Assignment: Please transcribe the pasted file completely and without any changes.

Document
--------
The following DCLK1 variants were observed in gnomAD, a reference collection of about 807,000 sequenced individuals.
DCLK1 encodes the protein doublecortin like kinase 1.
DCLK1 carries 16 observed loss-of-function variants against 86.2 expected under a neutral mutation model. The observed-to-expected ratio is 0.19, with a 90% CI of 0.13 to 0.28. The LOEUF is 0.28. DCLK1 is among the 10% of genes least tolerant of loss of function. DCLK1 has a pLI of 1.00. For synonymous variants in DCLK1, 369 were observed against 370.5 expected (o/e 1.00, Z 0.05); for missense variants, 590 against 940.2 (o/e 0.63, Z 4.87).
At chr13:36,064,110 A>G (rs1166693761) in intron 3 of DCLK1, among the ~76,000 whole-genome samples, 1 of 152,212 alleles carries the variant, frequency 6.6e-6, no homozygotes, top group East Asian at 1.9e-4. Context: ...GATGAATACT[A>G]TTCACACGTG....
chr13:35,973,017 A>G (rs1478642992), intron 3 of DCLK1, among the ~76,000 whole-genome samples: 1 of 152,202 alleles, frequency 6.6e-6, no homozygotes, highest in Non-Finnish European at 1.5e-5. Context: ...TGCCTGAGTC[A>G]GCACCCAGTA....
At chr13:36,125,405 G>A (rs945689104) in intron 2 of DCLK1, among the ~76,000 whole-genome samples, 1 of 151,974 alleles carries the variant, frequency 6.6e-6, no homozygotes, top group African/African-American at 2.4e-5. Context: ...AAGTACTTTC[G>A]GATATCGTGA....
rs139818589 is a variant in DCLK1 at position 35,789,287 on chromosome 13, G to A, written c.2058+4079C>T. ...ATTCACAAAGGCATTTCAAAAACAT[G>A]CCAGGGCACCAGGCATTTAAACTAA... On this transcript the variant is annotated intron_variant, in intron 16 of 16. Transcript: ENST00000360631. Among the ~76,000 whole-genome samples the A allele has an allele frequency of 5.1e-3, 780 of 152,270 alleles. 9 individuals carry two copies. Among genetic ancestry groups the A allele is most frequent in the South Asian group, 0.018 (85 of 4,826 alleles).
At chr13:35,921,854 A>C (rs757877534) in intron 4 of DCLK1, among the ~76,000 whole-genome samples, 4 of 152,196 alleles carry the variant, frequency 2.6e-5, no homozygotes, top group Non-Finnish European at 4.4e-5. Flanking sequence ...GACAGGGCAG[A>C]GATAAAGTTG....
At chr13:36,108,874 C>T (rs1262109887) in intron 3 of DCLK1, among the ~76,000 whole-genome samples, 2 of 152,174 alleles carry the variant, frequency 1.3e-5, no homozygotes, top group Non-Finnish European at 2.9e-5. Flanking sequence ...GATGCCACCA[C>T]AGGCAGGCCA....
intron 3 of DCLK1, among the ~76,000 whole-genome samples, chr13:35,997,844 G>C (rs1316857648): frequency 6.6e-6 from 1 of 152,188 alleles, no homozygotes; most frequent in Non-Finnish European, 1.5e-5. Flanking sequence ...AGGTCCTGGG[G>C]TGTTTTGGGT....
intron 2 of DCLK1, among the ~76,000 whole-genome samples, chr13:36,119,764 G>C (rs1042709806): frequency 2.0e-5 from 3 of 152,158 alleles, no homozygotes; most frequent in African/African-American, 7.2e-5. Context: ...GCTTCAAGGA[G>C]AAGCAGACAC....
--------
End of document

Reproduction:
The following DCLK1 variants were observed in gnomAD, a reference collection of about 807,000 sequenced individuals.
DCLK1 encodes the protein doublecortin like kinase 1.
DCLK1 carries 16 observed loss-of-function variants against 86.2 expected under a neutral mutation model. The observed-to-expected ratio is 0.19, with a 90% CI of 0.13 to 0.28. The LOEUF is 0.28. DCLK1 is among the 10% of genes least tolerant of loss of function. DCLK1 has a pLI of 1.00. For synonymous variants in DCLK1, 369 were observed against 370.5 expected (o/e 1.00, Z 0.05); for missense variants, 590 against 940.2 (o/e 0.63, Z 4.87).
At chr13:36,064,110 A>G (rs1166693761) in intron 3 of DCLK1, among the ~76,000 whole-genome samples, 1 of 152,212 alleles carries the variant, frequency 6.6e-6, no homozygotes, top group East Asian at 1.9e-4. Context: ...GATGAATACT[A>G]TTCACACGTG....
chr13:35,973,017 A>G (rs1478642992), intron 3 of DCLK1, among the ~76,000 whole-genome samples: 1 of 152,202 alleles, frequency 6.6e-6, no homozygotes, highest in Non-Finnish European at 1.5e-5. Context: ...TGCCTGAGTC[A>G]GCACCCAGTA....
At chr13:36,125,405 G>A (rs945689104) in intron 2 of DCLK1, among the ~76,000 whole-genome samples, 1 of 151,974 alleles carries the variant, frequency 6.6e-6, no homozygotes, top group African/African-American at 2.4e-5. Context: ...AAGTACTTTC[G>A]GATATCGTGA....
rs139818589 is a variant in DCLK1 at position 35,789,287 on chromosome 13, G to A, written c.2058+4079C>T. ...ATTCACAAAGGCATTTCAAAAACAT[G>A]CCAGGGCACCAGGCATTTAAACTAA... On this transcript the variant is annotated intron_variant, in intron 16 of 16. Transcript: ENST00000360631. Among the ~76,000 whole-genome samples the A allele has an allele frequency of 5.1e-3, 780 of 152,270 alleles. 9 individuals carry two copies. Among genetic ancestry groups the A allele is most frequent in the South Asian group, 0.018 (85 of 4,826 alleles).
At chr13:35,921,854 A>C (rs757877534) in intron 4 of DCLK1, among the ~76,000 whole-genome samples, 4 of 152,196 alleles carry the variant, frequency 2.6e-5, no homozygotes, top group Non-Finnish European at 4.4e-5. Flanking sequence ...GACAGGGCAG[A>C]GATAAAGTTG....
At chr13:36,108,874 C>T (rs1262109887) in intron 3 of DCLK1, among the ~76,000 whole-genome samples, 2 of 152,174 alleles carry the variant, frequency 1.3e-5, no homozygotes, top group Non-Finnish European at 2.9e-5. Flanking sequence ...GATGCCACCA[C>T]AGGCAGGCCA....
intron 3 of DCLK1, among the ~76,000 whole-genome samples, chr13:35,997,844 G>C (rs1316857648): frequency 6.6e-6 from 1 of 152,188 alleles, no homozygotes; most frequent in Non-Finnish European, 1.5e-5. Flanking sequence ...AGGTCCTGGG[G>C]TGTTTTGGGT....
intron 2 of DCLK1, among the ~76,000 whole-genome samples, chr13:36,119,764 G>C (rs1042709806): frequency 2.0e-5 from 3 of 152,158 alleles, no homozygotes; most frequent in African/African-American, 7.2e-5. Context: ...GCTTCAAGGA[G>C]AAGCAGACAC....